London remains most attractive city for businesses and employees

Despite concerns of Brexit uncertainty, London retained it’s title as the most attractive city for businesses and employees. Other UK cities including, Birmingham, Edinburgh and Manchester also featured in the top ten.

View of the Shard in London from the Thames
London came out on top as Europe’s most attractive city for businesses and employees for second year running, according to Colliers International’s latest European Cities of Influence report.The report reviews and ranks cities based on their occupier attractiveness, availability of talent, and quality of life factors alongside economic output and productivity; Paris, Madrid, Moscow and Birmingham made up the rest of the top five.  

London proves resillient despite Brexit uncertainty

David Hanrahan, co-head, London Agency and Development at Colliers International says, “London has proved its resilience and magnetism as a global hub in the wake of the EU referendum with a diverse spectrum of investors and occupiers identifying the city as the best place in which to conduct their business.“Concerns about a mass post-Brexit exodus from London to the continent have been tapered as the market has rallied, with European businesses close to quadrupling their activity in London last year.“This is indicative of the wider factors at play that influence employees and employers alike, not least, striking the right balance between talent, quality of life, cost and risk.”The report demonstrates that the UK remains a highly desirable destination for capital and occupiers, largely driven by its magnetism as a centre of diverse high-quality service sector talent, which is in turn, is helping to drive economic output and productivity. Other UK cities, which score in the top 10, include Birmingham (fifth), Edinburgh (seventh) and Manchester (10th).

Madrid hits strongest growth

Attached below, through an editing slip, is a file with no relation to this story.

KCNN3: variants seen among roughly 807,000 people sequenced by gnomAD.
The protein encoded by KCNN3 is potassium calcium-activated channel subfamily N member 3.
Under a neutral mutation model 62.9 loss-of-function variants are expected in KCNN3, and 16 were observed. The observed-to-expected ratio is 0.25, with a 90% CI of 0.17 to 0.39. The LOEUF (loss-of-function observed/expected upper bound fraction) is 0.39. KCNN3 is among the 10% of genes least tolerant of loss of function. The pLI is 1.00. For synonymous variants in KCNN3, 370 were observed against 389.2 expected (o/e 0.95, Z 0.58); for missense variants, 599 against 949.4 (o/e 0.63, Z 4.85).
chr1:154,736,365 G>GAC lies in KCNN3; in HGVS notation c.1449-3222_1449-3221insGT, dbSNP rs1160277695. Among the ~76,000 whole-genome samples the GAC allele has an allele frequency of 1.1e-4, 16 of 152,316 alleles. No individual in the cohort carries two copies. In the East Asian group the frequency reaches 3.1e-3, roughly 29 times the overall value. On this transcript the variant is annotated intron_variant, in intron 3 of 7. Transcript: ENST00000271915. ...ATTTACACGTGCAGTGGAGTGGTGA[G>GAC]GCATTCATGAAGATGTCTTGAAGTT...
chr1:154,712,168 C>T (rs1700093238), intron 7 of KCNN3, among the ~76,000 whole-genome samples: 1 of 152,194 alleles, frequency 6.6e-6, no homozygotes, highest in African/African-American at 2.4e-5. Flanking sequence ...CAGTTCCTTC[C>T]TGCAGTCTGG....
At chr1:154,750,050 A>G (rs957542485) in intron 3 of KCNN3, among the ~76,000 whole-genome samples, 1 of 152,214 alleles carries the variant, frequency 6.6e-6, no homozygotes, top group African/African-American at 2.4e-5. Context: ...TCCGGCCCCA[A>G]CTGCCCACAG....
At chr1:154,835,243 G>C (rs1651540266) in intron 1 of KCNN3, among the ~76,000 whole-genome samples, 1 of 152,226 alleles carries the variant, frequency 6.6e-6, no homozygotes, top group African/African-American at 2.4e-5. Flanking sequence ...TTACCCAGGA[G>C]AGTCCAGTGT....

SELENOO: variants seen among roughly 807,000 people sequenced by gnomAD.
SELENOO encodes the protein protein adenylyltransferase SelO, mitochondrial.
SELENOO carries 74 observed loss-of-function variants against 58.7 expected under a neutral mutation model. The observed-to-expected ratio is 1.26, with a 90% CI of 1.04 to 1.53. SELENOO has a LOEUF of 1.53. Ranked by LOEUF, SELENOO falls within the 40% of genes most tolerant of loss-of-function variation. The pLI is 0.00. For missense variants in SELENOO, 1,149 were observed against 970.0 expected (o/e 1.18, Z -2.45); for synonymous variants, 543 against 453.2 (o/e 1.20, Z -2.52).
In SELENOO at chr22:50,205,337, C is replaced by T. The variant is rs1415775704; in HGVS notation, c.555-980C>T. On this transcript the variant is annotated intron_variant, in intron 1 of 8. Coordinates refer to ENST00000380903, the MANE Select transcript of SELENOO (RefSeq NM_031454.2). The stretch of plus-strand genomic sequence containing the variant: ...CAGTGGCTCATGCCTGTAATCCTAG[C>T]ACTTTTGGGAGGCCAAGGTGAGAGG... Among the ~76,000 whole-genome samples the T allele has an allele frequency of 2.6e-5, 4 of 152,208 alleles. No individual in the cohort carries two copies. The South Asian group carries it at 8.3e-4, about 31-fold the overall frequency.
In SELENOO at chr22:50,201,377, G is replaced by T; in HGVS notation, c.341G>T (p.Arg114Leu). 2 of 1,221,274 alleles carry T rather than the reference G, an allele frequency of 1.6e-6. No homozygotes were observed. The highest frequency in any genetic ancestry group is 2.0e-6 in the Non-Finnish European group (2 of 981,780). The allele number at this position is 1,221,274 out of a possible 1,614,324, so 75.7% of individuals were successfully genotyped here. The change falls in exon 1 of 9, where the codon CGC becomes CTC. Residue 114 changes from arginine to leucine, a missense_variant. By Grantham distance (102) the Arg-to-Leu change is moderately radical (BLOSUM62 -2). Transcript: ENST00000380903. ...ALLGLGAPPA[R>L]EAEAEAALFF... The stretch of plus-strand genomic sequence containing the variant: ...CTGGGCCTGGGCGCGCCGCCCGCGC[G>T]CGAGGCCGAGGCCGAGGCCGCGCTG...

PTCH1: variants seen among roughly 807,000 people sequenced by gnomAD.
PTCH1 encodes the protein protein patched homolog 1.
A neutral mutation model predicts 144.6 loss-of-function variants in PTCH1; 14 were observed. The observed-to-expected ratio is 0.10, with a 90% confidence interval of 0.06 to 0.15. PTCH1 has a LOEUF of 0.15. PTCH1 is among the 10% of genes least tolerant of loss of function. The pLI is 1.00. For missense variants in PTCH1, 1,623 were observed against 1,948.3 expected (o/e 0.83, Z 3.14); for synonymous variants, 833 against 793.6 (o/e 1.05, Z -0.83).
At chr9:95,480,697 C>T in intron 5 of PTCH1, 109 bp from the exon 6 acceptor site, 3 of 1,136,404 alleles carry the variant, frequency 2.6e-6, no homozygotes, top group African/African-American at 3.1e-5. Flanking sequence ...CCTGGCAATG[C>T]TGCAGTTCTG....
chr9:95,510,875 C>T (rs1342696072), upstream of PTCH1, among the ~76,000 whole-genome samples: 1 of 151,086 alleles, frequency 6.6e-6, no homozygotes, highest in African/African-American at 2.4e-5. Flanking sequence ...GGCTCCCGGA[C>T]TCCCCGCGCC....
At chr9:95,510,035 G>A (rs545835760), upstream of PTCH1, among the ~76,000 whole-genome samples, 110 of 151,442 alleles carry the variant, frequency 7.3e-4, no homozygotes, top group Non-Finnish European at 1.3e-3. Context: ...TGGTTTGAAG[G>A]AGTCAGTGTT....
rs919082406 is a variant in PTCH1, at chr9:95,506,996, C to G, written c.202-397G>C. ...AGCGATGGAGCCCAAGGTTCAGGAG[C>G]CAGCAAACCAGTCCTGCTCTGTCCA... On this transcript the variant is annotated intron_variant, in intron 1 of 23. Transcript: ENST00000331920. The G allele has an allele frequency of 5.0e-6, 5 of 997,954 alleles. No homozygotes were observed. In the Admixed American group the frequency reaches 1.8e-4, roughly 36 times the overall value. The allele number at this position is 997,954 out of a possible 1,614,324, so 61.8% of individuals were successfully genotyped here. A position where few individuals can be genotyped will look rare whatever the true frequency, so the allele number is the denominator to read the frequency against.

Madrid jumped up the rankings into third place, despite being only eighth in Q1 2017. This is the result of a shift in occupier strength and attractiveness, which has also run hand-in-hand with a significant jump in investment volumes in Madrid over the last year.In 2017 Madrid recorded a 72 per cent increase in acquisitions, making the Spanish capital the third largest investment market in Europe for the first time as investors buy into the significant long-term potential of the city.Peter Leyburn, EMEA director of client services at Colliers International, adds, “Office occupier strength is the engine room for a city economy and as a driver of all other forms of real estate demand: be it retail (and thus logistics), hotels, leisure and residential."Occupational strength will also help drive rental growth and longer-term this is the most important driver of capital value – especially in an environment where yields do not look capable of compressing any further in the vast majority of markets. So this analysis should be a good marker for where investment capital should go.”“Urban transformations and new infrastructure are also very strong drivers of investment growth. Given we are now approaching the peak of the investment cycle in terms of pricing, and thus volumes, the logical evolution of the cycle is to see a redistribution of capital into cities, illustrating a strong basis for occupier growth alongside those with new key infrastructure changes,” says Richard Divall, Head of Cross Border Capital Markets at Colliers International. 
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